“Now off to bed with you,” Natalie said, kissing her little sister again for good measure and then nestling next to Stuart on a divan. She looked up at him and smiled when he placed his hand over hers, squeezing it gently.
“Come on, Hannah,” Annie urged her youngest child. “It’s time for bed, pumpkin. I’ll take you up. This is a big house and we don’t want you getting lost.”
“Okay, Mummy. Goodnight, everyone!”
“Goodnight, Hannah!” the group chorused.
“Since we’re all cozily gathered in here,” Stuart interjected, “I’ll ring for some coffee and biscuits. Mrs. MacKenzie, please join us when you come back down. Reverend MacKenzie, would you be willing to share that story? I’d like to hear it. Unless, of course, you’d rather not. Or we can postpone to another time if your family has heard it before.”
“I always love a good story,” David said as he lowered himself onto the sofa where Kate sat cuddling Jeffrey. “Which story is it?”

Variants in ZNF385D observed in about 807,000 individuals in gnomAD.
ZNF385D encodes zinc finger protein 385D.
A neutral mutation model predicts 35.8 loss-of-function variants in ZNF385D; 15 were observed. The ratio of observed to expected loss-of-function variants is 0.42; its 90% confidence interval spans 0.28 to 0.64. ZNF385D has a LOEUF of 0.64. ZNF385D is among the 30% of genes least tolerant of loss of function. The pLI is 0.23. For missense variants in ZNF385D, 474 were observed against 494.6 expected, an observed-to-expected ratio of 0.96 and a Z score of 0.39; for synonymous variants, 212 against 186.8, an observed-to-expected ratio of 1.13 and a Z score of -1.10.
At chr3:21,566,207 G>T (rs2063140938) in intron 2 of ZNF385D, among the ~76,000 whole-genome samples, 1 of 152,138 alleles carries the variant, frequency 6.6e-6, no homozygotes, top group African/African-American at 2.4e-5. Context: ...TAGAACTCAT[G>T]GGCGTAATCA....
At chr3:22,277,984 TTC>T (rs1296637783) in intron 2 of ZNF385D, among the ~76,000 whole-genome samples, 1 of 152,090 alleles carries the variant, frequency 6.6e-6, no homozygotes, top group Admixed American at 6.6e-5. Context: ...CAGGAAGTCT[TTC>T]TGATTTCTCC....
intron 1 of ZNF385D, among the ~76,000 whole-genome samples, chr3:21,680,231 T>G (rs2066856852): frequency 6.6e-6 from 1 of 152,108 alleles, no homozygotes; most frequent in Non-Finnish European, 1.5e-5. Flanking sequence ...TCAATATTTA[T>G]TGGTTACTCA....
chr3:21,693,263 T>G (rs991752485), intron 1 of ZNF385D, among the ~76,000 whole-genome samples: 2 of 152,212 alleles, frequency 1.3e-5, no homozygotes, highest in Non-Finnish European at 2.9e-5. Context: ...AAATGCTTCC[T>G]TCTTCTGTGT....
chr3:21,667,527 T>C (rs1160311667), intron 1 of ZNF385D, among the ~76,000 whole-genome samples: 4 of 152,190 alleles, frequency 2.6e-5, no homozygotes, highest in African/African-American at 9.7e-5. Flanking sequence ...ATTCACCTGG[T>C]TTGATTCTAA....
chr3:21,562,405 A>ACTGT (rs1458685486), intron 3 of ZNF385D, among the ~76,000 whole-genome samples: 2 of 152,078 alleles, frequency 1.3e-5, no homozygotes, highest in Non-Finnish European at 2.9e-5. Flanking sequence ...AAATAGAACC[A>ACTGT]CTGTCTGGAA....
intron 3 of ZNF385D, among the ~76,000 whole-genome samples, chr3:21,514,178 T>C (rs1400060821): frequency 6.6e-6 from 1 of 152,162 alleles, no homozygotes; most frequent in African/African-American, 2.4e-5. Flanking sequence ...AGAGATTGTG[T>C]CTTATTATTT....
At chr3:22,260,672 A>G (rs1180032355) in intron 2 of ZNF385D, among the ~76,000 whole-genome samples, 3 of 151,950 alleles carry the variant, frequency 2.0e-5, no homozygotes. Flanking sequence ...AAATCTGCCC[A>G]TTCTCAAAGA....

“Before you all came in,” Eric explained, “Stuart and I were talking about relationships. I mentioned to him a little about my past before I met your mother, and he was interested in hearing more. I’ve shared bits and pieces with you all but never the whole saga.”
Annie regarded her husband carefully. After their long years of marriage, she could read in his face and words much that was unspoken. “Perhaps this would be a good time to tell the children some of your experiences, honey. If you’d like to, that is. I’ll put the baby down so Kate and David can stay to listen.”
The serious tone of their parents’ exchange did not go unnoticed by the family. They recognized that their father would not merely be recounting a frivolous tale of his youth, but something much more profound. When coffee had been served and Hannah and Baby Jeffrey had been put to bed, the rest of the MacKenzies and Stuart Devereux gathered in the library to hear what Eric had to share.